We have repeatedly heard of asbestos being a filter medium and of the interesting experiments that have seemed to show its superiority to most other mediums in fineness of interstices. The question, however, remains: Can it be kept clean? says the Sanitary Era, Its incombustible nature suggests the possibility of readily purifying it by heat; but whether its filtering property and form would stand the ordeal unimpaired, is a matter that nobody seems to have thought of investigating. We described under the heading of "filtering-material" this filter medium, which already forms part of some filters.

It is claimed that liquids filter altogether too slowly through asbestos. In many cases, a very finely divided asbestos is desirable.

The grade of asbestos to use in connection with a filter for the mineralwater trade is a matter of importance; if coarsely ground it will certainly be an excellent filter medium, when used instead of sand, and, in connection with animal charcoal, give fair results.

Asbestos filters are very useful in cases where the liquid to be filtered is of a caustic or strongly acid nature.

The kind of asbestos to use is a matter of great importance also. In commerce we find the Canadian, the Italian, the Australian.

This last is less flexible than the other two, and consequently the fibres do not felt together and pack as closely on the perforated plate. Hence, liquids filter more rapidly, and the Australian is, on this account, preferable to the other two kinds. It is claimed that the Canadian asbestos is the most soluble in acids, but the assertion is not verified.

Whatever may be the kind of asbestos used, the following is a process for obtaining with little trouble a quantity of the pulp in a fit state for filtration, and as this pulp will also be a very useful filtrant in the bottlers' laboratory, we append the direction for its preparation, as given in the National Bottlers' Gazette, A coarse brass sieve is placed over a sheet of paper, and a handful of asbestos is rubbed pretty roughly over the sieve-cloth. This breaks it up in such a way that the smaller fragments pass through the meshes, and are deposited on the paper underneath. After a while, the portion which remains on the sieve-cloth is collected in one bundle, and rubbed again in the same manner, and the operation is repeated until a sufficient quantity has gone through.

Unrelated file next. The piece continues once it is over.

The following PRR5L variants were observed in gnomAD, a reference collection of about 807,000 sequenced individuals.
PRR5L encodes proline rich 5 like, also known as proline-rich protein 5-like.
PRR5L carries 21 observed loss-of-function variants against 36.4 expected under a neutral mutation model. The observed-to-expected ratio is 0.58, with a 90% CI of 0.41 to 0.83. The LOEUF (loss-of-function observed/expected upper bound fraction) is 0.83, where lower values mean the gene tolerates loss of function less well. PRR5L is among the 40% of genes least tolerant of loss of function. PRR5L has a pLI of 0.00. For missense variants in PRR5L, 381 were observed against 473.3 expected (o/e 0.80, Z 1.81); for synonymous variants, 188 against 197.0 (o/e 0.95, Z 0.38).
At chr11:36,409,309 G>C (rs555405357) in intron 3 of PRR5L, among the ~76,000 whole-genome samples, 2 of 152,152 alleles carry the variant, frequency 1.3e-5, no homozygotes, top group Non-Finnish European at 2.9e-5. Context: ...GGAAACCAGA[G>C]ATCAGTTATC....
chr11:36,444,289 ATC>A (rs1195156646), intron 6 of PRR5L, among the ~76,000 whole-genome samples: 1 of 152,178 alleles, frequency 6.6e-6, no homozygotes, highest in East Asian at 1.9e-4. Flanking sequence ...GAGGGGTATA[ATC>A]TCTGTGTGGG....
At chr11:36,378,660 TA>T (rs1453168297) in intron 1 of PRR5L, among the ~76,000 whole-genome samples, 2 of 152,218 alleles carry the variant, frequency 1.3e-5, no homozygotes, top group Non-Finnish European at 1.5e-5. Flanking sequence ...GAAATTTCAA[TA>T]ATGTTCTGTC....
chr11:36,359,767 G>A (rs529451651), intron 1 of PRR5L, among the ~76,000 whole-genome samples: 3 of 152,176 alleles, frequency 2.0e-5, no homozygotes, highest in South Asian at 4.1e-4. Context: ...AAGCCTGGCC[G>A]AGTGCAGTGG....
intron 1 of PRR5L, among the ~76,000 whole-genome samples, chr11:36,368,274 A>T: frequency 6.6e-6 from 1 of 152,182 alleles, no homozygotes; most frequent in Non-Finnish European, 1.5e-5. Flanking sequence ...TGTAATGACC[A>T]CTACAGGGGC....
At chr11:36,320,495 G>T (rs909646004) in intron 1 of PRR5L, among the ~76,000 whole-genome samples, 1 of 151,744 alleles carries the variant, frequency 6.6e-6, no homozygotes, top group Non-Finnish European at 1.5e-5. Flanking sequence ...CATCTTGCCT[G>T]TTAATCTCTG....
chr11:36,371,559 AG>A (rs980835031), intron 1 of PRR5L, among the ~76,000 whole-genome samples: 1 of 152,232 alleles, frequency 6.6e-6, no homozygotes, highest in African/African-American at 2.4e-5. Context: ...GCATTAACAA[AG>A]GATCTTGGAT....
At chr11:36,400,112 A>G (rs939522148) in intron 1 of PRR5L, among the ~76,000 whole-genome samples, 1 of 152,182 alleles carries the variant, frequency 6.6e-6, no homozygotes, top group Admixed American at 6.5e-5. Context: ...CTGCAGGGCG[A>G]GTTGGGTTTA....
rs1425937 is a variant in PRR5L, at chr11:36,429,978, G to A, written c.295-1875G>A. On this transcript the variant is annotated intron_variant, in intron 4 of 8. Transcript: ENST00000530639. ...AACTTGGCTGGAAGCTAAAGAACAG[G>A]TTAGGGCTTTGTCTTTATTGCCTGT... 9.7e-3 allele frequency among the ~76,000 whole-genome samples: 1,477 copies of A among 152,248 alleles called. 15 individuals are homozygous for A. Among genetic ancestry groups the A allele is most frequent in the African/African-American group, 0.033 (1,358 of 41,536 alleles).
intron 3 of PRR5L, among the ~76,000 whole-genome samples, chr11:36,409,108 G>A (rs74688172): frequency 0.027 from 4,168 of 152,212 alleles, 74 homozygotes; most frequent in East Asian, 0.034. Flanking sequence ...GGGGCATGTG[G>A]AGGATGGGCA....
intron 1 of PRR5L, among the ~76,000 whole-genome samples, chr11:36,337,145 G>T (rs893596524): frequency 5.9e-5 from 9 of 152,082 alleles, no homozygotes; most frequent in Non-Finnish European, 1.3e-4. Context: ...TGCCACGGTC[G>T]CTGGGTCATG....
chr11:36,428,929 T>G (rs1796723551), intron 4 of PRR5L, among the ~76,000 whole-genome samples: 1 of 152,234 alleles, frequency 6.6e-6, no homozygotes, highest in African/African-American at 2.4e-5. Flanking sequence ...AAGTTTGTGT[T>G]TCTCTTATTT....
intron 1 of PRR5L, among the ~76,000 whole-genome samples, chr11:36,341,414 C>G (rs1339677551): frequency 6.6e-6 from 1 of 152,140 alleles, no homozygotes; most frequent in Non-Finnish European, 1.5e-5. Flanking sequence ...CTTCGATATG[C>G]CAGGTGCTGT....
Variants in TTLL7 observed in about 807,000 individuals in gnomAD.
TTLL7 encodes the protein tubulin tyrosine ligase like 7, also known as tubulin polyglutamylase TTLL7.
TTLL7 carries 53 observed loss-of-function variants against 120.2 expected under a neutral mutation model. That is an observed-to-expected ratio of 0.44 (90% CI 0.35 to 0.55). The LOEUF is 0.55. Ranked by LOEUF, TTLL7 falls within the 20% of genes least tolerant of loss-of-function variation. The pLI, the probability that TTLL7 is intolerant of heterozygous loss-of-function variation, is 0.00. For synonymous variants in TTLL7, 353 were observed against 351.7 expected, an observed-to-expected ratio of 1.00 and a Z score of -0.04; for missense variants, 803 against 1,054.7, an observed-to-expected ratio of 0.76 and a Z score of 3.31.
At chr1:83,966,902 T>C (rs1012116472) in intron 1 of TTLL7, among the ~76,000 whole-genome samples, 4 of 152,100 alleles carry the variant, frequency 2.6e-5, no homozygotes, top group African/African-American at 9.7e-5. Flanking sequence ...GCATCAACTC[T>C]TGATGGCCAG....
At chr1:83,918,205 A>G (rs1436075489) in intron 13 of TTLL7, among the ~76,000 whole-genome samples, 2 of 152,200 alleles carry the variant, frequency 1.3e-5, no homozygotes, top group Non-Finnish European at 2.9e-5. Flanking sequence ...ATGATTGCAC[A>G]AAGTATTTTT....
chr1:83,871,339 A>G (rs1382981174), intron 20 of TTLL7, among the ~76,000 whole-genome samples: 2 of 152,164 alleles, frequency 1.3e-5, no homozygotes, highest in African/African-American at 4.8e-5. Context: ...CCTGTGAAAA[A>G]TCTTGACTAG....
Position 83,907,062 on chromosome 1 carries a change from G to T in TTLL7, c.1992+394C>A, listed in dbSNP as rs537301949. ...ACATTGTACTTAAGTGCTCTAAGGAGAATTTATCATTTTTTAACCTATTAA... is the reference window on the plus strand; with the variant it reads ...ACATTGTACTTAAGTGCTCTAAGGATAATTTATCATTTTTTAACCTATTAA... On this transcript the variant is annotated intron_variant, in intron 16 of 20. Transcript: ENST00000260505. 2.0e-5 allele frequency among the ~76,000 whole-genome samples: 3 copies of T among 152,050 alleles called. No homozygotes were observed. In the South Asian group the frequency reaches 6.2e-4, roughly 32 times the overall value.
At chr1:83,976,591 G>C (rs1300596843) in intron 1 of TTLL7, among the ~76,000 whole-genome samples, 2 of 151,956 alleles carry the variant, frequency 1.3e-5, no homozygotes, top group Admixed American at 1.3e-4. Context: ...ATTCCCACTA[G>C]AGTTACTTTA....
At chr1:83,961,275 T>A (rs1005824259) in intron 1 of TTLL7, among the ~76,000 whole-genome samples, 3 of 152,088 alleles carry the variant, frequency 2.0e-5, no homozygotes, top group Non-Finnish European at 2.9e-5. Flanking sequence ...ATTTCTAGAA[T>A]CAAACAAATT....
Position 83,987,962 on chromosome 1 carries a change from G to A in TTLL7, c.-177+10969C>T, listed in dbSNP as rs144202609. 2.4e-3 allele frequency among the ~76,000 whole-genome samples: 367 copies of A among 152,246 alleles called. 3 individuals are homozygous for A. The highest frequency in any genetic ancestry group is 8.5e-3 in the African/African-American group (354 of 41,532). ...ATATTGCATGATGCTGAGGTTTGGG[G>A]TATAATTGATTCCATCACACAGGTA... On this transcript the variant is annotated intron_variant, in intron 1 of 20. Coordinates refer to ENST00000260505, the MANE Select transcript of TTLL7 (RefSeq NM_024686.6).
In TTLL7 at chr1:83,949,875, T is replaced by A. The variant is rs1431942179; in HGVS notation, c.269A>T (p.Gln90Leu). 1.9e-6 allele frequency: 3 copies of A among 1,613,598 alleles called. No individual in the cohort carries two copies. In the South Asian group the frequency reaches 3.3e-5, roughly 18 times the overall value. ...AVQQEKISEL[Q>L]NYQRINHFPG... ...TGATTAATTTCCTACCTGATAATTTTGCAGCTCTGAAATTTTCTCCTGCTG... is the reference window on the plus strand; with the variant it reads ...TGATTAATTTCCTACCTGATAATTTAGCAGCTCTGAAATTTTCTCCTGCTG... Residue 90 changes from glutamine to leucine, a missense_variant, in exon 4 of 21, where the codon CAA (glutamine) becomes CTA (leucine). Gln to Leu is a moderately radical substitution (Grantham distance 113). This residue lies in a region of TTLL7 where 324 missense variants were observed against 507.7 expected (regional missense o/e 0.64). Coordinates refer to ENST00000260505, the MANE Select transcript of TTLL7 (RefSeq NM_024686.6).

As to the coarseness of the mesh to use, we may say that we have used No. 10 sieve (ten openings to the inch) with satisfactory results. The sieve is best placed bottom up, so as to leave plenty of room under the cloth.

The next operation is to free the sifted material from dust and from the finest particles. This is easily accomplished by placing the asbestos, as obtained above, over another sieve of finer mesh (about No. 25 or No. 30), and stirring it while water is poured over the sieve. The first water which passes through is quite milky, but it gradually becomes clearer as the washing is continued. The washed asbestos is then put in a beaker glass, and boiled for about half an hour with strong hydrochloric acid (about one part of fuming H C l to four parts of water).

The pulp, after this treatment, is poured over a perforated platinum plate placed in a funnel, and washed with distilled water until no acidity is shown by litmus paper. The pulp is then taken out of the funnel and strongly heated in a platinum dish. After letting it cool sufficiently, it may be placed in a wide-mouthed bottle for future use.

An asbestos filter, called the Filter Rapide, contained, as far as we could learn, thus prepared asbestos pulp.